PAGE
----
Even as I pour water on thirsty soil and rain upon dry ground, So will I pour My spirit on your offspring, My blessing upon your posterity. Isaiah 44:3 (The Israel Bible™)
When you plug your cellphone into an electric outlet so it can “fill up” with electricity, you might visualize the current as electrons flowing freely like cars go down a highway. Even if we could view electrons – subatomic particles that orbit the nucleus of an atom and are generally negative in charge and much smaller than the atomic nucleus – they would move too fast for the human eye.
Electrons are the smallest of the three particles that make up atoms. Electrons are found in shells or orbitals that surround the nucleus of an atom, while protons and neutrons are found in the nucleus. They group together in the center of the atom.
Electricity is basically the exchange of electrons in a stream called a current through a conducting medium. In most cases the medium is an acid, metal or similar conductor; in the case of static electricity, a stream of electrons travels through the air.
Any conductor (substance through which electricity moves) is made of atoms. Each atom has electrons in it. If you put new electrons in a conductor, they will join atoms, and each atom will spit out an electron to the next atom. This next atom takes in the electron and spits out another one on the other side.
Electron movement though materials usually looks more like that of gas than a fluid – that is, they do not collide with one another, but rather, they tend to bounce off impurities and imperfections in the material. A fluid flow, in contrast, takes its shape – be it waves or whirlpools – from frequent collisions between the particles in the fluid.
Researchers at the Weizmann Institute of Science in Rehovot recently succeeded – with the help of specially-produced, nanoscopic “pipes” – to capture an image of electrons flowing like the water in household pipes leading to a shower or kitchen sink.
This is the first time such “liquid electron flow” has been visualized, and it has vital implications for future electronic devices.
To make electrons flow like a fluid, one needs a different kind of conductor, and the team turned to graphene, which is a one-atom-thick sheet of carbon that can be made very clean. “Theories suggest that liquid electrons can perform cool feats that their counterparts cannot. But to get a clear-cut proof that electrons can, indeed, form a liquid state, we wanted to directly visualize their flow,” said Prof. Shahal Ilani, head of the team in Weizmann’s condensed matter physics department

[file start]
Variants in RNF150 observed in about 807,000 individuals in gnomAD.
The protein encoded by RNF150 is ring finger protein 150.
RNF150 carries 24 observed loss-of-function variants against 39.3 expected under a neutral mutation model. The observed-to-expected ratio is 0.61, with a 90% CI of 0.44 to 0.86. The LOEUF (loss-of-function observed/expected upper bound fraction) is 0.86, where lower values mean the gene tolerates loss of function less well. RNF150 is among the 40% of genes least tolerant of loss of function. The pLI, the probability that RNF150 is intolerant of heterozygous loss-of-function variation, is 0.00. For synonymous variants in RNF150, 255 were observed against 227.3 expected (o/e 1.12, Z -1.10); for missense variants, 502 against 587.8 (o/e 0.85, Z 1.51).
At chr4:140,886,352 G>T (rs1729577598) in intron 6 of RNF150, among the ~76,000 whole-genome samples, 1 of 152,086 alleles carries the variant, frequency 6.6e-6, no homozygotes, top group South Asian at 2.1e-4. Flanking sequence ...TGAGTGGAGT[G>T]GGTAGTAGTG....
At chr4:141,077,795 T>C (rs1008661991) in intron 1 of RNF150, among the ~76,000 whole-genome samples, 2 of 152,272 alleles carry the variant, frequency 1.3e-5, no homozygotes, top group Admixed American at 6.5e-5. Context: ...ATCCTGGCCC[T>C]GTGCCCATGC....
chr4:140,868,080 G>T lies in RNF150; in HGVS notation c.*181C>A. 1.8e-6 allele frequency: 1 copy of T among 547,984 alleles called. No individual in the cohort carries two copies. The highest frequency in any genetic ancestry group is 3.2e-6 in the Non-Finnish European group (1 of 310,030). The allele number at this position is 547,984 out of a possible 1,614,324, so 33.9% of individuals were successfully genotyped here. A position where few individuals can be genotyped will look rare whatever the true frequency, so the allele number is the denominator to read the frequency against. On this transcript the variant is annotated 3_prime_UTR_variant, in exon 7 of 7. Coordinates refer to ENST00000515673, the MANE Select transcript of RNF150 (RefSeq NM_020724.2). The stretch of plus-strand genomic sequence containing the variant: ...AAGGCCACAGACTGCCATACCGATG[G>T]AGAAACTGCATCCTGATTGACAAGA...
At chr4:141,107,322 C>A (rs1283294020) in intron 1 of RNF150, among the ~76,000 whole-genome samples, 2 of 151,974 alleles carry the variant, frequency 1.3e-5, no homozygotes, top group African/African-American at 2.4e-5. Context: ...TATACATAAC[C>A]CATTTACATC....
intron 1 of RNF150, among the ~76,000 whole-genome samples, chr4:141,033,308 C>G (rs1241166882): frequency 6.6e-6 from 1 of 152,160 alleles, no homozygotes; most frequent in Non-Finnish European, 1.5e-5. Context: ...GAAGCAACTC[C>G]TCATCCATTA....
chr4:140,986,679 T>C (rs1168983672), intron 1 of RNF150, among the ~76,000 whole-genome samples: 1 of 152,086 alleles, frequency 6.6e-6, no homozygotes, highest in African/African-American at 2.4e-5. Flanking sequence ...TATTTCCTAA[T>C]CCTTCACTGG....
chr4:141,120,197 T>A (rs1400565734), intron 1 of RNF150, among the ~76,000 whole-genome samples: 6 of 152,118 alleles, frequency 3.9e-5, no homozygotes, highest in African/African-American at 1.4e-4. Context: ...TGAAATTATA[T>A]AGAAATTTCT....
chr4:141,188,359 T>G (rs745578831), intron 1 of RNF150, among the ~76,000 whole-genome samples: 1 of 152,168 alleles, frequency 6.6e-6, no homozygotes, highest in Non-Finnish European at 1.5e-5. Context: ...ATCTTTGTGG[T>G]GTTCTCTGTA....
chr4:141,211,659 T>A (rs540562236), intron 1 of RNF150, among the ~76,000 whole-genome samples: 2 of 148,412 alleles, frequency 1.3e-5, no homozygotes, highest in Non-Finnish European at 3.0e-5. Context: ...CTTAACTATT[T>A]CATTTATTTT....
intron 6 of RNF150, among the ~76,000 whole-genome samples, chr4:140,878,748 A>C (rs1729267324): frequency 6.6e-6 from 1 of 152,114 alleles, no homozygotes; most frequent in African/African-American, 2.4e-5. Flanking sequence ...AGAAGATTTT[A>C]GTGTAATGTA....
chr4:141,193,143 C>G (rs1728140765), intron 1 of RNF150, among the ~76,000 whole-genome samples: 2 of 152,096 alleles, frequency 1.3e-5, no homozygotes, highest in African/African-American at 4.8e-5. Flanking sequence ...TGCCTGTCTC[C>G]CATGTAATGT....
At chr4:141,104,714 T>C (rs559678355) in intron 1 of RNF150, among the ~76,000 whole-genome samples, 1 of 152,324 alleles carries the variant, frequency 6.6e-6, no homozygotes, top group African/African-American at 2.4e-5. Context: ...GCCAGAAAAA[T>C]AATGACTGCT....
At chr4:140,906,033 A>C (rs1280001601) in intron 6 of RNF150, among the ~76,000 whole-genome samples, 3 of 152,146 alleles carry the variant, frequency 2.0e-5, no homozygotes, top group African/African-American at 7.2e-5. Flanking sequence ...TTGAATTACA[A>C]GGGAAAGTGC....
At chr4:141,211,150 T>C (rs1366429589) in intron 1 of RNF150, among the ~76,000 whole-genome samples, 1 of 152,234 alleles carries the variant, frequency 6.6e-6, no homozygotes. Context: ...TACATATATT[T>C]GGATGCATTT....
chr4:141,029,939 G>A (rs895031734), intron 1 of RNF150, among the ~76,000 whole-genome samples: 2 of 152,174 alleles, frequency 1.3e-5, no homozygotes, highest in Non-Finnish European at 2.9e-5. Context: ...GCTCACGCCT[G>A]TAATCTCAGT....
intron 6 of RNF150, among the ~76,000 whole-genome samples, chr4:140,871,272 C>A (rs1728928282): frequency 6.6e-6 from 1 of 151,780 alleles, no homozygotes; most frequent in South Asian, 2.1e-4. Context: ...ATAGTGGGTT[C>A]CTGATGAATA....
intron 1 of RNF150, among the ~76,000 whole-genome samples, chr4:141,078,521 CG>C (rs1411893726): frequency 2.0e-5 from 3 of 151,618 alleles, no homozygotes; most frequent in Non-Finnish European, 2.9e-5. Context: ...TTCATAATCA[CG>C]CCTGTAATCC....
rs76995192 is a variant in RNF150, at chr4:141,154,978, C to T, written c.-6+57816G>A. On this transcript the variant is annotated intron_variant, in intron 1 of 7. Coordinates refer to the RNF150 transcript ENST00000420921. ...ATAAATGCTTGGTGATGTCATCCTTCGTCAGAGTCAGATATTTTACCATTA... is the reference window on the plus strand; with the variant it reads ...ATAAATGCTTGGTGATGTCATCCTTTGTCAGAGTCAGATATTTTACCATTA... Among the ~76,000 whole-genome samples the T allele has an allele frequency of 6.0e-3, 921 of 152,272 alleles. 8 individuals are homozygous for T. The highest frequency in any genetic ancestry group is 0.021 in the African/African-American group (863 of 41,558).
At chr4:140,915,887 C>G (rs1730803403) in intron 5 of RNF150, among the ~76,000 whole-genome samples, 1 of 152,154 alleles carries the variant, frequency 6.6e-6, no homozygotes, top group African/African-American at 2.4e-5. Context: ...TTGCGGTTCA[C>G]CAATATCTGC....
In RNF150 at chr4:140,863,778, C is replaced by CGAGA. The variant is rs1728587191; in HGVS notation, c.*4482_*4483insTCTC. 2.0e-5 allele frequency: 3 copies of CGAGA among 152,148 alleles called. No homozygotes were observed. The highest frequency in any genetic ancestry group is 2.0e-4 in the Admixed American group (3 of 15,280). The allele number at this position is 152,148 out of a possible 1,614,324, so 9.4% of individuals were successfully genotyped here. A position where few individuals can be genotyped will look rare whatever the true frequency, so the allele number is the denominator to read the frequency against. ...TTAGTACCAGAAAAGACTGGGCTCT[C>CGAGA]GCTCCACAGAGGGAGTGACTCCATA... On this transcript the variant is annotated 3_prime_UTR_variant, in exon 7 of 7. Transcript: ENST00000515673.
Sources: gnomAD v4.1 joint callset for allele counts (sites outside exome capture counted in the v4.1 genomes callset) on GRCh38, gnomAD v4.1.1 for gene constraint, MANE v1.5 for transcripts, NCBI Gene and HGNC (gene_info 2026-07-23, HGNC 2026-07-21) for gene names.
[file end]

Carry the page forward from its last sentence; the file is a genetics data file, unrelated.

In a new study just published in the prestigious journal Nature Nanotechnology, the Weizmann Institute researchers applied their novel imaging technique to state-of-the-art graphene devices produced in the group of Prof. Andre Geim at the University of Manchester.
Their demonstration – that given the right conditions, electrons can mimic the patterns of a conventional fluid – could help in the creation of new types of electronic devices, including low-power ones in which hydrodynamic flow lowers the electrical resistance. “Computing centers and consumer electronics are devouring an ever-increasing amount of energy, and it’s imperative to find ways to make electrons flow with less resistance,” said Dr. Lior Ella, also of Ilani’s group.
The devices were microscopic “pipes” – tiny channels designed to guide the flowing electrons. The team observed the hallmark signature of hydrodynamic flow: Just like water in a pipe, the electrons in the graphene flowed faster in the center of the channel and slowed down at the walls. .
While numerous techniques have been devised to image electron
flows, the need remains for a nanoscale probe capable of simultaneously imaging current and voltage distributions with high sensitivity and minimal invasiveness, in a magnetic field, across a broad range of temperatures and beneath an insulating surface.
Even using graphene as a conductor, the team needed to develop a technique that would be both powerful enough to peer inside a material, yet gentle enough to avoid disrupting the electron flow.
“Here we present a technique for spatially mapping electron flows based on a nanotube single-electron transistor, which achieves high sensitivity for both voltage and current imaging. In a series of experiments using high-mobility graphene devices, we demonstrate the ability of our technique to visualize local aspects of intrinsically non-local transport, as in ballistic flows, which are not easily resolvable via existing methods. This technique should aid in understanding the physics of two-dimensional electronic devices and enable new classes of experiments that image electron flow,” they wrote.
This technique consists of a nanoscale detector built from a carbon-nanotube transistor, and the team found that it can create an image of the properties of flowing electrons with unprecedented sensitivity. “Our technique is at least 1,000 times more sensitive than alternate methods; this enables us to image phenomena that previously could only be studied indirectly,” explained staff scientist Dr. Joseph Sulpizio, who was also a member of Ilani’s team.